Nepali Times
Development
The house that Rabindra built


MOHEINDU AMIRAN CHEMJONG


It's fitting to find the perfect marriage of traditional architecture and modern living in Bhaktapur, the Valley's best-preserved town.

A few blocks off the Dattatreya Temple in this ancient town is Rabindra Puri's house, and you could be excused for walking right past it: so well does this 150-year-old Newari-style townhouse blend with the surroundings. But once you enter it, you will realise how cleverly it combines old with new. Rabindra's attachment to the house is almost emotional: when he was a boy, Rabindra saw an old and familiar house being torn down. The loss affected him deeply, and although he has a degree in development policy from Germany's Bremen University, architecture has always been his hobby. After working for the German aid group, GTZ and Patan Museum, 33-year-old Rabindra is now designing a nature club in Dhapasi and helping build an ashram in Dolalghat.

After selecting this house in Bhaktapur, Rabindra remodelled it and did the interiors himself. After passing through a pagoda-style gateway you see the exterior of the house with its subdued elegance and impeccable workmanship of brick and wood.

At the entrance stands wooden beams, made from original, antique wood. In the foreground of the lobby are two exquisite windows in latticework (tikijhyal).

The living room has a pleasing ambience. The architect has been a little audacious by introducing a fireplace, alien to traditional Nepali houses.The floor is laid with baked clay bricks (tilya eit) and accented by Afghani rugs. The lounge leads to two beautiful adjacent rooms which serve as resplendent reading rooms.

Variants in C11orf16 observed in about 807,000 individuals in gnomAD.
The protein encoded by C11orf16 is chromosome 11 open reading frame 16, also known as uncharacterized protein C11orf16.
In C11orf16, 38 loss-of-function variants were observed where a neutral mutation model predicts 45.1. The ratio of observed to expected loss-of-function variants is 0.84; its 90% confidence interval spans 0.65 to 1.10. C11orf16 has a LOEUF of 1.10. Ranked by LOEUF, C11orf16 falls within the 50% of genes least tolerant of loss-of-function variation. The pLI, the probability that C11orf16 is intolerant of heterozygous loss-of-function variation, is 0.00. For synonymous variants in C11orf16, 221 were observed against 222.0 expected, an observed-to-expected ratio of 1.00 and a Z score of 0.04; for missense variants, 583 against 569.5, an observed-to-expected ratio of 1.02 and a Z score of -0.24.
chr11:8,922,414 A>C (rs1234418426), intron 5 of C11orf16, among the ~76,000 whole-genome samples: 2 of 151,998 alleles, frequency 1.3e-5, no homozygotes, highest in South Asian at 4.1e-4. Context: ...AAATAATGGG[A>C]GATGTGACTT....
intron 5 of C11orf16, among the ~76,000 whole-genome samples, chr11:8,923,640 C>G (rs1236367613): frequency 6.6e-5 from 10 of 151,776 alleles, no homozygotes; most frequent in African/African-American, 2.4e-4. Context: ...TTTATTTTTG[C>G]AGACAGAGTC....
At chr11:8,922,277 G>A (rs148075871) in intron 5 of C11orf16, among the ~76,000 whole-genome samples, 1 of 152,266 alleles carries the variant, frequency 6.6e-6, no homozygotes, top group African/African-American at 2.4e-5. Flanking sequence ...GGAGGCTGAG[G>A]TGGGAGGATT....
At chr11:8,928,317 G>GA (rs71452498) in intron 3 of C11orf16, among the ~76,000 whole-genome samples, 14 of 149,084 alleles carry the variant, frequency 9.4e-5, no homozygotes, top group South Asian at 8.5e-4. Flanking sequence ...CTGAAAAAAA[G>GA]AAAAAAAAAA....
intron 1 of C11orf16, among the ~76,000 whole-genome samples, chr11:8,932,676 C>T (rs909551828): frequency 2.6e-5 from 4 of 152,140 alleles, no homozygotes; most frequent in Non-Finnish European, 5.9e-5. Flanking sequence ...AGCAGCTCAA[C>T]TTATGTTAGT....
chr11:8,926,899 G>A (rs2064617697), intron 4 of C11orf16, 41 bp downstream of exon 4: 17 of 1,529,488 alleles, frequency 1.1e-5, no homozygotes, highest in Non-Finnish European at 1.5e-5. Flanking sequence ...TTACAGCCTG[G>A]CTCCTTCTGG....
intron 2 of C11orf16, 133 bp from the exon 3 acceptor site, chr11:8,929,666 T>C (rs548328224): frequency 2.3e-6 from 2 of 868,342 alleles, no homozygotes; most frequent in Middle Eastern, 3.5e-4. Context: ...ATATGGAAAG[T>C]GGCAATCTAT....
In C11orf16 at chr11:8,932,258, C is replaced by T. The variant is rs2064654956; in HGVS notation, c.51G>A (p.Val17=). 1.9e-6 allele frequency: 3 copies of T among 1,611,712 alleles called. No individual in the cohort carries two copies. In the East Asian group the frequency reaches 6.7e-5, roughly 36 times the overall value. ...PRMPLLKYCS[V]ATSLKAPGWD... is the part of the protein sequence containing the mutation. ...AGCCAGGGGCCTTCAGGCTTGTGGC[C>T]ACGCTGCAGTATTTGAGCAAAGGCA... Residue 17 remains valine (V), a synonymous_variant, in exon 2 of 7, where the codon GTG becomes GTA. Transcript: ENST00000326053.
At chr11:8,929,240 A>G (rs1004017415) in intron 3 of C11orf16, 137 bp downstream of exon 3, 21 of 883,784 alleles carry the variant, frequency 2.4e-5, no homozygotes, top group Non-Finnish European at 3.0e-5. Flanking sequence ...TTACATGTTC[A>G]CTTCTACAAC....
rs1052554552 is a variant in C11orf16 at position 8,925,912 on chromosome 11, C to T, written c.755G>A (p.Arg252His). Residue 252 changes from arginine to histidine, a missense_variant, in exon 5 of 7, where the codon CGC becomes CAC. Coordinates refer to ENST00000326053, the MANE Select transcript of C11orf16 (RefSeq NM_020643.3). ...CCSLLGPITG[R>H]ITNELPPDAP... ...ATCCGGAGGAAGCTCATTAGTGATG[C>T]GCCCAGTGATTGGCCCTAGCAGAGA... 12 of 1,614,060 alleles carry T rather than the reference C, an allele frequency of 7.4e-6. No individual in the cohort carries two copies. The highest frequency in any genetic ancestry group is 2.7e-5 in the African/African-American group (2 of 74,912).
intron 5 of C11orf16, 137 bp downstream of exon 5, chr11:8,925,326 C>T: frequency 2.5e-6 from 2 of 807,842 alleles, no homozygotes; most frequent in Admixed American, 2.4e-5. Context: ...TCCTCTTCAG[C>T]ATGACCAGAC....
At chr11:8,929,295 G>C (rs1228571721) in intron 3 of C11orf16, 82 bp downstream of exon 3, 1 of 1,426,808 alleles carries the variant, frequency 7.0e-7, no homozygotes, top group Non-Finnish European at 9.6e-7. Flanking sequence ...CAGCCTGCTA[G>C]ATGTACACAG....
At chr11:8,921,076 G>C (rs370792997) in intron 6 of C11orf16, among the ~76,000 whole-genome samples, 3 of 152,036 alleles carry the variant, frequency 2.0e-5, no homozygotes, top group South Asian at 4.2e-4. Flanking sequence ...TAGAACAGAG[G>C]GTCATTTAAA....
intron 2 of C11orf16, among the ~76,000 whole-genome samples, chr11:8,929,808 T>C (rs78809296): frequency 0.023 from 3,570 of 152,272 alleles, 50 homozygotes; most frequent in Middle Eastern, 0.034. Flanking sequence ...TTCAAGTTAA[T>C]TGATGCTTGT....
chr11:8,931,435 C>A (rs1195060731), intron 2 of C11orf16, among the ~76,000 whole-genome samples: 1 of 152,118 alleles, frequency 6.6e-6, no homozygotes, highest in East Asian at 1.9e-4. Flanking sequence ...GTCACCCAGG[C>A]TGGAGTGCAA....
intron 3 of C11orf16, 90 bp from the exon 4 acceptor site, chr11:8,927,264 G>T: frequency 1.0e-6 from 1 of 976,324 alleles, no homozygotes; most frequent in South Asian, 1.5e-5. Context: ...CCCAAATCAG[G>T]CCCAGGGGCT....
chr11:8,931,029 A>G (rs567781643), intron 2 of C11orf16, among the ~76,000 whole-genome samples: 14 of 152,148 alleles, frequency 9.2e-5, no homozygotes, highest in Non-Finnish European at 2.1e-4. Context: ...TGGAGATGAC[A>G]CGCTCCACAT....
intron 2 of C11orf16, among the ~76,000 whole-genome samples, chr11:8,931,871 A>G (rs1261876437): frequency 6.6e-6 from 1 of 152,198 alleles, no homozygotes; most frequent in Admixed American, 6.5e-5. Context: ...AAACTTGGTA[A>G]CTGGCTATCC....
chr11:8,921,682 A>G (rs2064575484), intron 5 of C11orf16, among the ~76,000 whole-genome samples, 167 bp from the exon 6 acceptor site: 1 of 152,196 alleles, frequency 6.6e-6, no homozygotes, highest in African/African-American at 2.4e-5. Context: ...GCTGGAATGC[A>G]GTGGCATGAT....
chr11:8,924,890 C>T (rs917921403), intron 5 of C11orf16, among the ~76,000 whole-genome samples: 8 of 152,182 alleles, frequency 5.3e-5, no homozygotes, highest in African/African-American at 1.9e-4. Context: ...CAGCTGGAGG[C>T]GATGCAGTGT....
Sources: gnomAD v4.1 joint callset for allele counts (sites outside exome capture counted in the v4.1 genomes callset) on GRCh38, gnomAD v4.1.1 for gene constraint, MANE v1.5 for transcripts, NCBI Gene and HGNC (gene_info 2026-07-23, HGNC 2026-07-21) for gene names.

The overall impression is of space. The lounge on the third floor is particularly beautiful with a wooden threshold and pillars that support the main ceiling (dalin). The pillars are embellished with elaborate traditional carvings. The floor has a simple, all-purpose straw mat (sukul). The play of the light is an excellent architectural addition, highlighting specific spaces and objects.

The mood in the no-nonsense study is tranquil. The computer table is low and the keyboard is just the right height to sit cross-legged. A passage off the study leads to a simple, elegant and sophisticated bathroom. The bath is softly contoured to lend grace. The blue and white coloured tiles add a contemporary dash to a brass washbasin.
This floor opens up into a Rana style balcony (bardali) adorned with a lamp (sukunda) and an Israeli hammock, which somehow doesn't look odd.

The kitchen is in the attic and it's mix of modern appliances with brass utensils symbolises the balance of ancient and modern sensibilities in this remarkable house.

"My house is an interpretation of how upper-middle class families can combine comfort and at the same time preserve our traditional architecture which holds the secret to our diverse cultural past," says Puri. "Hopefully it will impress and influence others."


LATEST ISSUE
638
(11 JAN 2013 - 17 JAN 2013)


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